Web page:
Second, treatment strategies might differ between AQP4-IgG-positive and AQP4-IgG-negative patients (taking into account possible differences in aetiology and pathogenesis), even among NMO-SD (e.g. based on differences as to time-to-relapse and short-term prognosis [1]), and between patients with monophasic and patients with relapsing NMO-SD (which could well be manifestations of different diseases, e.g. postinfectious ADEM vs. AQP4 autoimmunity).

Third, recommendations on diagnostic AQP4-IgG testing may differ between patients with monophasic and patients with relapsing disease as well as between the various NMO-SDs: given the low frequency of AQP4-IgG in patients with a first attack of isolated optic neuritis [97, 98] or atypical, isolated brainstem manifestations on the one hand and the limited specificity of some of the currently available immunoassays on the other hand, general screening for AQP4-IgG in all NMO-SD patients entails the risk of an unfavourably high ratio of false-positive to true-positive results and may therefore not be advisable.

Such descriptive nomenclature would distinguish between AQP4-Ab-positive NMO and AQP4-Ab-negative NMO, AQP4-Ab-positive and AQP4-Ab-negative (longitudinally extensive) myelitis, AQP4-Ab-positive and AQP4-Ab-negative optic neuritis, AQP4-Ab-positive and AQP4-Ab-negative brainstem encephalitis, etc. In addition, the disease course (monophasic/first attack, relapsing) should be specified and information should be provided regarding co-existing autoimmunity as well as regarding the suspected aetiology in seronegative patients.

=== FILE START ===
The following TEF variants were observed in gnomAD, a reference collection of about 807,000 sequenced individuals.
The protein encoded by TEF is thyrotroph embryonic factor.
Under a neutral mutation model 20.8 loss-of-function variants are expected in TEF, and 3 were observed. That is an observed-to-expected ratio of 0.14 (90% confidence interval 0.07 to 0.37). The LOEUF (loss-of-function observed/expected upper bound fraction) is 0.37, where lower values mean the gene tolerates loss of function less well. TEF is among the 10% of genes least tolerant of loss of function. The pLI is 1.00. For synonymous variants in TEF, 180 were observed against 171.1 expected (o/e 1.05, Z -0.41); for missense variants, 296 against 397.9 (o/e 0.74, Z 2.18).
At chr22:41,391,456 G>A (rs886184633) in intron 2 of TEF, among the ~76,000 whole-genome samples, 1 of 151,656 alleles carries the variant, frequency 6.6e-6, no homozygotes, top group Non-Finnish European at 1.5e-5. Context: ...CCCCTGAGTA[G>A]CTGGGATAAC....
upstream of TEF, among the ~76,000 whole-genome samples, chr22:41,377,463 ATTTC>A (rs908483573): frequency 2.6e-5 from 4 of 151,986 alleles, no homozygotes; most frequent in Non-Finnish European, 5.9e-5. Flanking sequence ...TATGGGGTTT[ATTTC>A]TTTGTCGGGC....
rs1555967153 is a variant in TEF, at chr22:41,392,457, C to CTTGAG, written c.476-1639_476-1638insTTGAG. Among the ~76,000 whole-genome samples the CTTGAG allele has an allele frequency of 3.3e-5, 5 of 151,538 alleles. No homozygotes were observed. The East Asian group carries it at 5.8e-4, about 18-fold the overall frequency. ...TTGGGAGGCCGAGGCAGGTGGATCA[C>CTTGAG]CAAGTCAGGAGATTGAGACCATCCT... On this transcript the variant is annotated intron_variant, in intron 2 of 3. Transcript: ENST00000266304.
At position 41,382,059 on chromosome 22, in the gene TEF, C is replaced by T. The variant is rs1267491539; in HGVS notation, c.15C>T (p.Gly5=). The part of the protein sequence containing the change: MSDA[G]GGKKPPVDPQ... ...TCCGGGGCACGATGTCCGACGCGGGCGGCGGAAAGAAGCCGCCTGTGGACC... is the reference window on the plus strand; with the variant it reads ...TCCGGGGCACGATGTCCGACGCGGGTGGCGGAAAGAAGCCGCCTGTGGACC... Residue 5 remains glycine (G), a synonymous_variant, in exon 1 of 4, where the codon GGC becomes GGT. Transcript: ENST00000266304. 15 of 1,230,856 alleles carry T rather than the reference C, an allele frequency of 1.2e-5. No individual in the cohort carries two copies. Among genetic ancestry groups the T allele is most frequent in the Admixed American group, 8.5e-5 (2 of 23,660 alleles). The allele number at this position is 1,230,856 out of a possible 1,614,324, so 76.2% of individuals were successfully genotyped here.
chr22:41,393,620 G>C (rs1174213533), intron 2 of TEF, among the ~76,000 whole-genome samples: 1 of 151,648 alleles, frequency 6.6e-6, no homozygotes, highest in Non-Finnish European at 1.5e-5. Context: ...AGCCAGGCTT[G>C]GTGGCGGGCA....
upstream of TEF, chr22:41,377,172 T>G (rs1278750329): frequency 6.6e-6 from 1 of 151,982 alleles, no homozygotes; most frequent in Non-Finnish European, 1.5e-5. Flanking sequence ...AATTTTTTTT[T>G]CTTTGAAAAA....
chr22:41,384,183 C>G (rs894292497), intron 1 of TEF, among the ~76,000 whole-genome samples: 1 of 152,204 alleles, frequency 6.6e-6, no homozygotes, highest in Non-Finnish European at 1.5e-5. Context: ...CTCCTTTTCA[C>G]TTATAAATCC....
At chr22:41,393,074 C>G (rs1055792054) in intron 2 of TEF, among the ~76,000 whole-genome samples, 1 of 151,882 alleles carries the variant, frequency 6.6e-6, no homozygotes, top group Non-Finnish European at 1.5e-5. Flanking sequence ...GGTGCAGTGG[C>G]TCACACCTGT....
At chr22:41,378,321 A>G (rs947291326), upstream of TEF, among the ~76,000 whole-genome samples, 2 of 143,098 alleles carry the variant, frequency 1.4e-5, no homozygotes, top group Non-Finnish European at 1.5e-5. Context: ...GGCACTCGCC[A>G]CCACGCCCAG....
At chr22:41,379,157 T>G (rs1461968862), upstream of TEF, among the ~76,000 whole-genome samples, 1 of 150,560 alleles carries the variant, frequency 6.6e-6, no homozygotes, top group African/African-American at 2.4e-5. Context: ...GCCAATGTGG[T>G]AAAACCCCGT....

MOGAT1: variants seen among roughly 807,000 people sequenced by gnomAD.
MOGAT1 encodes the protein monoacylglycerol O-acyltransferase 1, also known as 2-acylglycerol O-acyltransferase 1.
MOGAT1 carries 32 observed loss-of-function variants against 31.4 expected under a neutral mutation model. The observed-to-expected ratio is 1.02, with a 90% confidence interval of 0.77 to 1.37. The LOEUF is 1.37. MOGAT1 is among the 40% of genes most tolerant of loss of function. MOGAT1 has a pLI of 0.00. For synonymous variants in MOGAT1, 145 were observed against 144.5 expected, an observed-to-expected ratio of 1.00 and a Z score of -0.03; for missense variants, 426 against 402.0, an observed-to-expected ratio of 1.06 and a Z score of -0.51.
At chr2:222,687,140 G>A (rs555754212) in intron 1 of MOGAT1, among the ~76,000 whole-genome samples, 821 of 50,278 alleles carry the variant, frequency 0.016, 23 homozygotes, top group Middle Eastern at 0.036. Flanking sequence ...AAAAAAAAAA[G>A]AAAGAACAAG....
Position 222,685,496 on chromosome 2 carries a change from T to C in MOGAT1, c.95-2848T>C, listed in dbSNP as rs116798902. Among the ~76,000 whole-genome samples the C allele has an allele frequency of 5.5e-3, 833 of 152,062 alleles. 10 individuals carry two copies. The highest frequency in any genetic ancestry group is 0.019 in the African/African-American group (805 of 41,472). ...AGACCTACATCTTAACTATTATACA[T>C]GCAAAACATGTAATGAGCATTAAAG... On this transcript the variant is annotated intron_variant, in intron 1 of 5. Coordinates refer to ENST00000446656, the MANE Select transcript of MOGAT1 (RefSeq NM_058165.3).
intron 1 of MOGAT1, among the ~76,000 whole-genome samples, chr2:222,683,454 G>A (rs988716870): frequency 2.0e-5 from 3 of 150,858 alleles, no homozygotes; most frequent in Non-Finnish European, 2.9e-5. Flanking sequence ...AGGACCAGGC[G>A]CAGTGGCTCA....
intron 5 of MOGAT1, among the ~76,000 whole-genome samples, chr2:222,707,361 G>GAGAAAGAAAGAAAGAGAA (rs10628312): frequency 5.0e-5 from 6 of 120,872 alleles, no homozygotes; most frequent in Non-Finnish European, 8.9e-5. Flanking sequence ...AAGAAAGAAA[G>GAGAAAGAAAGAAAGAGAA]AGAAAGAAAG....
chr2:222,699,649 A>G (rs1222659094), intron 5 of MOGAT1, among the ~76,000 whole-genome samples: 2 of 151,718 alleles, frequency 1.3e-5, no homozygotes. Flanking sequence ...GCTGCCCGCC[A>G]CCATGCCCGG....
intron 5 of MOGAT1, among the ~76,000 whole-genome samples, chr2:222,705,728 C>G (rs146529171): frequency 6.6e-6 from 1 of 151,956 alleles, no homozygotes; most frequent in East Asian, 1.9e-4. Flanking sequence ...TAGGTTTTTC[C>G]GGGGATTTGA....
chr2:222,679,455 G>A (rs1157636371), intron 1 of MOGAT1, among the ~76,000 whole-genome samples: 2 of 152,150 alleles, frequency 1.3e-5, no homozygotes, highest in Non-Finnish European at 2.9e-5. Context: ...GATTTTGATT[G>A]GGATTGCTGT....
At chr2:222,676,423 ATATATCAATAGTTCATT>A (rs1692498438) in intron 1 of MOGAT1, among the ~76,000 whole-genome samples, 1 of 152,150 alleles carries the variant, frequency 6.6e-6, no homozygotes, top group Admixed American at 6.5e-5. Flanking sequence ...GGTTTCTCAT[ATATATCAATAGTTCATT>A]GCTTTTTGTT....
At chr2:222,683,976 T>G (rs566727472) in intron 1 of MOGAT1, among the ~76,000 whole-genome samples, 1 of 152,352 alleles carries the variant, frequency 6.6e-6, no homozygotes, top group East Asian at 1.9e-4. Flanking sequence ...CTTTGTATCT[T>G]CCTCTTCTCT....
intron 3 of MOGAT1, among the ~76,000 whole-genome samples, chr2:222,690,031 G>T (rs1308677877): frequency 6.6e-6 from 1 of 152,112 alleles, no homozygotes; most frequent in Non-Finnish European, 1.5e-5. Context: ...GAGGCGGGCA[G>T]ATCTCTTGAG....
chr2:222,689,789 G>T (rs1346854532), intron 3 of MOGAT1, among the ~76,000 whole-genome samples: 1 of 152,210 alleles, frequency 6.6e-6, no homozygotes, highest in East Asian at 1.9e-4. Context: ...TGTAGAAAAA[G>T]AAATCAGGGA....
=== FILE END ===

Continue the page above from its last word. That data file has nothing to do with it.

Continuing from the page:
Conclusion and outlook

The nomenclature of NMO and its atypical and abortive forms is complex. Its meandering evolution and this complexity reflect the ongoing endeavours by generations of neurologists to facilitate distinction of this rare condition from MS and other related conditions, all the while making room for improvements in diagnosis and in our understanding of the pathogenesis of NMO.

Clear classifications are not a pure academic exercise but a crucial prerequisite for future treatment trials. Our paper aims to fuel the ongoing discussion about the need for new diagnostic criteria for NMO and revisions in nomenclature. We hope that the proposals set out herein will help to solve some of the issues attached to the current nomenclature.



N-Methyl-D-aspartate receptor


Neuromyelitis optica spectrum disorder(s)


systemic lupus erythematosus


Sjögren’s syndrome


Acute disseminated encephalomyelitis


Aquaporin-4 antibodies


Central nervous system


Cerebrospinal fluid


Immunoglobulin G


Longitudinally extensive transverse myelitis


Magnetic resonance imaging


Multiple sclerosis


Neuromyelitis optica


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The work of SJ was supported by a Fellowship from the European Committee for Research and Treatment in Multiple Sclerosis (ECTRIMS). The work of BW was supported by research grants from Merck Serono and Bayer HealthCare.

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Correspondence to Sven Jarius.

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The authors declare that they have no competing interests.

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SJ conceived and designed the study, collected and analysed the data, and drafted the manuscript. BW was involved in revising the manuscript for important intellectual content. Both authors read and approved the final manuscript.

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Jarius, S., Wildemann, B. The history of neuromyelitis optica. J Neuroinflammation 10, 797 (2013).

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  • Neuromyelitis optica
  • Devic’s syndrome
  • Devic’s disease
  • Myelitis
  • Optic neuritis
  • Multiple sclerosis
  • Nomenclature
  • Diagnostic criteria
  • History of neurology